Last night I saw this gorgeous movie called Smiles of a Summer Night. This Ingmar Bergman period piece comedy runs rampant with extremely clever and witty dialogue. It’s so unashamedly cheeky! On the surface, it’s seemingly a light-hearted humorous romp but it eventually seeps into very dark places and with surprising potency. We laugh at the histrionics of it, but Bergman keeps us ever present of the dark nature residing within ourselves.
The film’s plot—which involves switching partners on a summer night—has been adapted many times, arguably most notably as Woody Allen’s film A Midsummer Night’s Sex Comedy (1982).
I admire how Bergman delves so delicately into the emotional intelligence and sexuality of women in this movie. Men do not come off so well in Bergman’s charming sex comedy. The women on the other hand are stronger, more self-reflective, capable of pandering to the male ego and to direct their affections elsewhere when the need arises. Retribution and humiliation galore in this film.
The key themes of the film – ‘Love’ and ‘Youth’ are wonderfully expounded in the dialogue below. It’s about how Love is almost a thing confined to the past; an experience associated with innocence, virginity and youth and the older one gets, the pursuit of Love ( a ‘young lover’s’ ideal) only brings about desperation, frustration and ultimately despair.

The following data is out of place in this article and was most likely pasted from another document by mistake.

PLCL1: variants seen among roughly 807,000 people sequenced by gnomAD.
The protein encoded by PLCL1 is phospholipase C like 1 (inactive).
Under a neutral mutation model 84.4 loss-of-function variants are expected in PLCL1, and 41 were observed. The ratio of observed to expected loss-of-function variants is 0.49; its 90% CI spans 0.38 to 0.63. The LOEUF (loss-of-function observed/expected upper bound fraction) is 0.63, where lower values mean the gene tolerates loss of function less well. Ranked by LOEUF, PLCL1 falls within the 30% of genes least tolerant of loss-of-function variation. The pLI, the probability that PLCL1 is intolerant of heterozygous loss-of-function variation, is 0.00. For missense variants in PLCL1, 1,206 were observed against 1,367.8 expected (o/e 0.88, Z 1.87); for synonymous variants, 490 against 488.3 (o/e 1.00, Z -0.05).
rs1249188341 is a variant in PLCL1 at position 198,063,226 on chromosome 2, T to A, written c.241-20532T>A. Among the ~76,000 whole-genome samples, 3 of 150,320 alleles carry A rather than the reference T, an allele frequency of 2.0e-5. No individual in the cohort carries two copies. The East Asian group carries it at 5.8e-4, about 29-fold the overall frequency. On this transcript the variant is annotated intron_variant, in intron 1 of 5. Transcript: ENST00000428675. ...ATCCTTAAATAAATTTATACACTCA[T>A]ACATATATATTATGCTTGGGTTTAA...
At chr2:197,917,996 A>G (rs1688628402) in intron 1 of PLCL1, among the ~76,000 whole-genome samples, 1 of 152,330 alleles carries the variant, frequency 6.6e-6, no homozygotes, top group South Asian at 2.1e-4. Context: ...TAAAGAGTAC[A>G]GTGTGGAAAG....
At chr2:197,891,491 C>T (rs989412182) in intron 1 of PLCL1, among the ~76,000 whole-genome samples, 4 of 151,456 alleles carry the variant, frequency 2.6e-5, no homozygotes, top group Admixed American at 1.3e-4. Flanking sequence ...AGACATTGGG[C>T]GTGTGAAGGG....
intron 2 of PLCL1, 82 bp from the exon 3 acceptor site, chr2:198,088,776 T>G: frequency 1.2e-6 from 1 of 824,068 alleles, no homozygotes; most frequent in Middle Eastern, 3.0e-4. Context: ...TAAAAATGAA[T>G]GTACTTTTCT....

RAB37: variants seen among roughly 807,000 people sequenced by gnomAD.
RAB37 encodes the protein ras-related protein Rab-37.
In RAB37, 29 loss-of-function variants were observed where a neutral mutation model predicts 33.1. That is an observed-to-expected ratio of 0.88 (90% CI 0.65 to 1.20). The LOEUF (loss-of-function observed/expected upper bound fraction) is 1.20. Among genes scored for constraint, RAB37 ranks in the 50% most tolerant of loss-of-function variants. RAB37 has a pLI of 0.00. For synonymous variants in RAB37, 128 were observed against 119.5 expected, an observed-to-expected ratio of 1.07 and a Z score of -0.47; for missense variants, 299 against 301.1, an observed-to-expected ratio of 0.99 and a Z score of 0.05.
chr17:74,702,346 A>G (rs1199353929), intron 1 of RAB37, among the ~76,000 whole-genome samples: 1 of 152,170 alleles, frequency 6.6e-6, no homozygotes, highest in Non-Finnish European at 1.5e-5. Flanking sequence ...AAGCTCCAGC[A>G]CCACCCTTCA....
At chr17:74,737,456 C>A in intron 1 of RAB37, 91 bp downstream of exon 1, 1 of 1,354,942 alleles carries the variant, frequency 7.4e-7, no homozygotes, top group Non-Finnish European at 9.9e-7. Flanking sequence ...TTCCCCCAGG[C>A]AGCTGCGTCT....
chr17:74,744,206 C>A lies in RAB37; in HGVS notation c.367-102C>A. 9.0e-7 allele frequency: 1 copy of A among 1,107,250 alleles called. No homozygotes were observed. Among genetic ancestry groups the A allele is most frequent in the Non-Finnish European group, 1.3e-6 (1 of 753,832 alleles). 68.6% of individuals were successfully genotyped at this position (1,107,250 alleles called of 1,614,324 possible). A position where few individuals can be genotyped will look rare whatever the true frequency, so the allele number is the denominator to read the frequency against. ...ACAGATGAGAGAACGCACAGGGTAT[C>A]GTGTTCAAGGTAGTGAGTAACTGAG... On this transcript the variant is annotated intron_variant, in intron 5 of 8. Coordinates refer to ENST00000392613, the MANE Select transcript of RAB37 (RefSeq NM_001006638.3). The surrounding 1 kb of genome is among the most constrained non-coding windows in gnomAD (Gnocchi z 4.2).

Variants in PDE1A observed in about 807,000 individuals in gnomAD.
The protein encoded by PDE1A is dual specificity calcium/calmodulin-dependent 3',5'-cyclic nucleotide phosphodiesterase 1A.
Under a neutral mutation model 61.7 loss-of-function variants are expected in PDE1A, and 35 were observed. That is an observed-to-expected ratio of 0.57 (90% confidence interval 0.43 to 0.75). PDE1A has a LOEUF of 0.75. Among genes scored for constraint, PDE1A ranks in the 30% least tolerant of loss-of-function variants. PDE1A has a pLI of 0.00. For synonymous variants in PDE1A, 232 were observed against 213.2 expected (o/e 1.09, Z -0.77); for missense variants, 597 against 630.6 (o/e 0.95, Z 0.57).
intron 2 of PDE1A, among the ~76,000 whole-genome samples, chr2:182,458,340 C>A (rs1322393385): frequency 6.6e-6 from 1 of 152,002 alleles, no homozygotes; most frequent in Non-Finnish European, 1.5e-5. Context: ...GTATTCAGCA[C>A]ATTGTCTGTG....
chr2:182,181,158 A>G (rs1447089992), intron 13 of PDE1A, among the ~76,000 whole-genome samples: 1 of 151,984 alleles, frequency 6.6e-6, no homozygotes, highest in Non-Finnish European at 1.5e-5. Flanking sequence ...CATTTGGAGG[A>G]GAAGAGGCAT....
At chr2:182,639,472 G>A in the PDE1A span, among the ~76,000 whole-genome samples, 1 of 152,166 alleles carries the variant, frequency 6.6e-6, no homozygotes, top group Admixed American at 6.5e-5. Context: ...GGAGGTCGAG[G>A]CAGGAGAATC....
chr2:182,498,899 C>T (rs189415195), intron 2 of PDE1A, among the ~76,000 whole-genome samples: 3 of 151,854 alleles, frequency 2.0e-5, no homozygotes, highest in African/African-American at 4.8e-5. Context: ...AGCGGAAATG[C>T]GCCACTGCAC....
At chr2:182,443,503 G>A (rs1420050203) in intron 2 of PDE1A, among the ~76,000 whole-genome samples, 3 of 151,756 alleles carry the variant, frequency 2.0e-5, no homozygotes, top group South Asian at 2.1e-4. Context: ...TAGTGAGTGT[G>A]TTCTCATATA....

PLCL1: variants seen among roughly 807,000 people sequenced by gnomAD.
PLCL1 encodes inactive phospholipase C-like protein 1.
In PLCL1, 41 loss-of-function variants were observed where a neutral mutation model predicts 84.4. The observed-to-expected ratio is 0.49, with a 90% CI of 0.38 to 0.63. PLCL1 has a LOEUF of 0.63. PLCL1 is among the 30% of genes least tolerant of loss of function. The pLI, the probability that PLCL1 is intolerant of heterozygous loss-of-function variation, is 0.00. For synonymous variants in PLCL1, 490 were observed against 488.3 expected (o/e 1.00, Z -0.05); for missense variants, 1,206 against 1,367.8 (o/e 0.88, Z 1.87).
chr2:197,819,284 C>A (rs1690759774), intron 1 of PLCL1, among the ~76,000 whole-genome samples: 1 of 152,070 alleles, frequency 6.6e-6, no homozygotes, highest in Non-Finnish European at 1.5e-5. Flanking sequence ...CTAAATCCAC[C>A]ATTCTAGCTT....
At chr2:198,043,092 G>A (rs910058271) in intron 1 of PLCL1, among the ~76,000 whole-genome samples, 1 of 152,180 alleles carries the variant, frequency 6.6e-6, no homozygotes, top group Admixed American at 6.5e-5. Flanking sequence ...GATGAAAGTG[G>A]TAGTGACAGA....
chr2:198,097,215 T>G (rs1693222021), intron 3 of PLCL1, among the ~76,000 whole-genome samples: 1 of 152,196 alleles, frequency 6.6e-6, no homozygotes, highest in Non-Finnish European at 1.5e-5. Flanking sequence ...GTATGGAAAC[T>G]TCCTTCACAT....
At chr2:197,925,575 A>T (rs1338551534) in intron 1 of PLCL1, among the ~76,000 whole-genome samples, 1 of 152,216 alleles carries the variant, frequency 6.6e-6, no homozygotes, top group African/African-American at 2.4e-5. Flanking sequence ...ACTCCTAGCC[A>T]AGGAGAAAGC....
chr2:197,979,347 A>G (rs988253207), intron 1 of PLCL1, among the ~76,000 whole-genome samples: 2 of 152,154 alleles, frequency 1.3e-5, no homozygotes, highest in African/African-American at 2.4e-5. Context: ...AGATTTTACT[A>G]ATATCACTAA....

PETRA: Why have I never been a young lover? Can you tell me that?
FRID: There are only a very few young lovers on this earth. Yes, one can almost count them. Love has smitten them both as a gift and as a punishment. We invoke love, call out for it, beg for it, cry for it, try to imitate it, think that we have it, lie about it.
PETRA: But we don’t have it.
FRID: No, my sugar plum. The love of lovers is denied to us. We don’t have the gift.
PETRA: Nor the punishment.
See the full transcript here, which explains the 3 smiles of the summer night.
Ingmar Bergman never ceases to amaze me. I have to see it again to ascertain if it is one of my favourite Bergman films. There is just so much great competition, such as Winter Light, Wild Strawberries and Persona to name but a few. I’d like to know where this film stands amongst your favourite Bergman movies.
Once you have seen the film you may want to check out the always entertaining and highly informative Breaking Down Bergman series film review of ‘Smiles of a Summer Night’.
I definitely need to be watching more Bergman. Great info here for the film buff.
Thanks for sharing.
IMO Bergman is the greatest director of the 20thCentury, but unfortunately I came to his works far too late. There is a purity and magic in his movies which I have not experienced in other director’s works. His movies are like the ‘Yoga’ to the soul. Thanks for reading.